It wasn't too long ago that Republicans held a U.S. Senate majority with a Republican President and Democrats were refusing to allow votes on judicial nominees.  Republicans considered using a parliamentary procedure maneuver to end the ability of Democrats to filibuster the consideration of these nominees. Some called it the "Byrd Option" because during his time as Senate Majority Leader, Sen. Robert Byrd of West Virginia pioneered the procedure to break through minority obstruction. Some called it the "Constitutional option" because the Constitution gives the Senate the role to "advise and consent" nominees by a majority, not a super majority. But the term that stuck was coined by Mississippi Sen. Trent Lott: the "nuclear option" because the reaction of the minority to its use would blow up the Senate.

Retired Fifth Circuit Court of Appeals Judge Charles Pickering faced that obstruction by Democrats and discusses the nuclear option in his book, "Supreme Chaos: The Politics of Judicial Confirmation and the Culture War."

"Democratic Minority Leader Harry Reid wrote to Majority Leader Bill Frist warning Republicans if they changed the rules, 'the Majority should not expect to receive cooperation from the Minority in the conduct of Senate business.' Senator Reid made it clear he would shut down the Senate if Republicans removed the filibuster on judicial nominations. No funding bills; no education bills; no healthcare bills; no energy bills; no homeland security bills; no military support bills: the Democrats claimed they were prepared to stop business to maintain endless debate on judicial nominees. But they were not interested in debate, only in preventing an up-or-down vote. Senator Reid said, 'If they, for whatever reason, decide to do this, it's not only wrong, they will rue the day they did it, because we will do whatever we can do to strike back. I know procedures around here. And I know that there will still be Senate business conducted. But I will, for lack of a better word, screw things up.'"

A bipartisan group of Senators who came to be known as the "Gang of 14 crafted a plan that would prevent Democratic filibusters except in "extraordinary" circumstances and allow for votes in the others.

Pickering writes, "After the deal was announced, Senators Lindsey Graham and Mike DeWine, both Republican members of the Gang of 14, expressly announced that were the Democrats to attempt a filibuster on nominees not in 'extraordinary' circumstances, they would both vote for the constitutional option. Senator Frist agreed, 'Let me be very clear. The constitutional option remains on the table. It remains an option. I will not hesitate to use it if necessary.' Democratic Senate Minority Leader Harry Reid disagreed, 'The nuclear option is gone for our lifetime. We don't have to talk about it anymore.'"

Now Democrats are in the majority with Reid as Majority Leader threatening to do what he called the "wrong" thing and use the nuclear option. It appears "gone for our lifetime" lasted only about eight years. The arguments have been reversed with Reid calling to an end of the minority check on majority power in the Senate, and Republicans howling that Reid will be remembered for destroying the nature of the Senate.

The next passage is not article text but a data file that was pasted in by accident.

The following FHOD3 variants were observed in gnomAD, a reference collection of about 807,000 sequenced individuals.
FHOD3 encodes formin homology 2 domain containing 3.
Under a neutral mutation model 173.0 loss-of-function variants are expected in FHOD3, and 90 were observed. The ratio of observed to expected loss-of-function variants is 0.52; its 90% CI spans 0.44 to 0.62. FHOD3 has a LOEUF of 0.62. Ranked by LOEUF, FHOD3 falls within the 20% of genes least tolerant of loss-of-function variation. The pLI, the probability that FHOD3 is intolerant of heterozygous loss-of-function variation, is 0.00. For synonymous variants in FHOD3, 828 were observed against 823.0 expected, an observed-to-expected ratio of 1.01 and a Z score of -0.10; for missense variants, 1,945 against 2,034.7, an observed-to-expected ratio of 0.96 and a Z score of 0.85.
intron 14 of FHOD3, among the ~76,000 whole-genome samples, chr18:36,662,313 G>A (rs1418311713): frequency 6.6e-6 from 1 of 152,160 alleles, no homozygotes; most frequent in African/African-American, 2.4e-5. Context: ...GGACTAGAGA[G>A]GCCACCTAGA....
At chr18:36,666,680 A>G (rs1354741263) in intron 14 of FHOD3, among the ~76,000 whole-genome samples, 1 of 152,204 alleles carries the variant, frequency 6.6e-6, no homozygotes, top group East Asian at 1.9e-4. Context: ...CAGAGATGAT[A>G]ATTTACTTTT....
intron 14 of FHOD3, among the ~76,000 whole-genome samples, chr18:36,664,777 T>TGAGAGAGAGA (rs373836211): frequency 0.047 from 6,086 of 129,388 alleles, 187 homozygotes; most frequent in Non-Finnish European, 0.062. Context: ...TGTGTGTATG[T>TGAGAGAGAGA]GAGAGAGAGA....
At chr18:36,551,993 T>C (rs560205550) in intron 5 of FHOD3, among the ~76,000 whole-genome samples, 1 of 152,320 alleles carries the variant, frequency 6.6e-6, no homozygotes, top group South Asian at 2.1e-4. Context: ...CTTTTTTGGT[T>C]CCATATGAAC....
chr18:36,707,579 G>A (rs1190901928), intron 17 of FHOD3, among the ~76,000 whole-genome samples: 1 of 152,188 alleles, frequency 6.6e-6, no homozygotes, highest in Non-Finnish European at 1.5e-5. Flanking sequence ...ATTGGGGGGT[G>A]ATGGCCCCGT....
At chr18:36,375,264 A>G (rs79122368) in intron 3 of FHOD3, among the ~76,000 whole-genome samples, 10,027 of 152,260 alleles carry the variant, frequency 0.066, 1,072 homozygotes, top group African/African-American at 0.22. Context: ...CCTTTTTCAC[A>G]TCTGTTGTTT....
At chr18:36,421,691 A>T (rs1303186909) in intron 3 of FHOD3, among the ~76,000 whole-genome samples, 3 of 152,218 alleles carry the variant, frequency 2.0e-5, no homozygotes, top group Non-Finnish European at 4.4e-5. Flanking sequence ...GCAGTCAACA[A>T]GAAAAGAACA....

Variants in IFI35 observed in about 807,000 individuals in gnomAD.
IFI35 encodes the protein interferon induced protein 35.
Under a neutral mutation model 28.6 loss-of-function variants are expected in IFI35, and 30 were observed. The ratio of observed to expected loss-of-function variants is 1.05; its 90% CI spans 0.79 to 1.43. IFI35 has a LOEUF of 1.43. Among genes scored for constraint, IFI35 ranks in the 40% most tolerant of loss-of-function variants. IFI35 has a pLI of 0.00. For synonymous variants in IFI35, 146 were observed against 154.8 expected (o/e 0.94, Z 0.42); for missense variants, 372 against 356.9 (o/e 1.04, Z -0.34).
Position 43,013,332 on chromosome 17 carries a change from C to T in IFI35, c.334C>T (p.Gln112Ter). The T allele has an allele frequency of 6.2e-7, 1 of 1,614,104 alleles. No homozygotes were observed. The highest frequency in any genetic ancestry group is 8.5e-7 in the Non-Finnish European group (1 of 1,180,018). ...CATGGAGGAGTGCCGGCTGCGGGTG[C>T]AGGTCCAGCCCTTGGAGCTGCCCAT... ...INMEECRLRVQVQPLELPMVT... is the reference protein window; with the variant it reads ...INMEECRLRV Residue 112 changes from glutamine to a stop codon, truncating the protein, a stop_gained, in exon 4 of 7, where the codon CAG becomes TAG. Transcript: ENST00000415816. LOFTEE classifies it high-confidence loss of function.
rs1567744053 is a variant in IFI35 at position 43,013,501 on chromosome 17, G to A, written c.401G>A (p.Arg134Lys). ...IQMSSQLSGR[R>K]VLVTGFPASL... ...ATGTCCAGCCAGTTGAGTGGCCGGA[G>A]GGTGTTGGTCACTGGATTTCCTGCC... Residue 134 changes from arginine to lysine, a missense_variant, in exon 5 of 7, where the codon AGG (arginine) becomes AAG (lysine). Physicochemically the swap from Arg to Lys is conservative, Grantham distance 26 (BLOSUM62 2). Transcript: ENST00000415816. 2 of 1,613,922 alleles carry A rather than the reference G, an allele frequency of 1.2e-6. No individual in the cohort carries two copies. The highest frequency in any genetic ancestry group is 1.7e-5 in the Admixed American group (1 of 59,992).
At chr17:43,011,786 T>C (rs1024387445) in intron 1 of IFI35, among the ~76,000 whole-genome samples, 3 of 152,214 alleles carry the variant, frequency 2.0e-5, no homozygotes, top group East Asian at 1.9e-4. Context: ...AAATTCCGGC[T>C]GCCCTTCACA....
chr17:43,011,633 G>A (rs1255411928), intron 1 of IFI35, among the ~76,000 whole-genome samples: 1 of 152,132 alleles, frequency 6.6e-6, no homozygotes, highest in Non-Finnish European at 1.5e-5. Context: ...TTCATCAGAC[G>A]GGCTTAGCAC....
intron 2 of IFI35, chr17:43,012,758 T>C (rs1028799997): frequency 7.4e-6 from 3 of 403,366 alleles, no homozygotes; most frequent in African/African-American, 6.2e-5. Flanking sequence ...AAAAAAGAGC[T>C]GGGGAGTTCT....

Sen. Roger Wicker of Mississippi proposed the Senate meet in closed session to discuss the matter and come to a compromise. Wicker has been vocal in opposition to one of the contentious nominees, Richard Cordray to head the Consumer Financial Protection Bureau, as well as President Barack Obama's improper use of recess appointments. Republicans and Democrats took Wicker's suggestion and the Senate met Monday night and as of Tuesday morning there was no firm deal but tensions had eased slightly. Wicker noted that if the Democrats wanted the nominees considered, that deal had already been offered on all seven disputed nominees with the Republicans reserving the right to filibuster executive nominees in the future. Reid rejected that deal, but it appears the compromise reached may be similar.

Sen. John McCain of Arizona appears to have fashioned an agreement in principle with the details of the deal yet to be worked out. It seems most of President Barack Obama's contentious nominees will receive a vote, including Cordray, but Democrats will abandon two appointees to the National Labor Relations Board. Those recess appointments were made, according to Senate Republicans and the U.S. Court of Appeals, improperly. Instead, new appointments will be considered.

So for now, the filibuster power will be maintained for our lifetime, which might mean until Republicans take the majority, or for another eight years, or for another couple of days.

The compromise is not unlike the "Gang of 14" deal reached during the last filibuster crisis. Pickering's book outlined proposals for a permanent agreement, but that either party in the minority would give up its power to the majority seems unlikely anytime soon.

Brian Perry is a partner with Capstone Public Affairs, LLC. Reach him at: or @CapstonePerry on Twitter.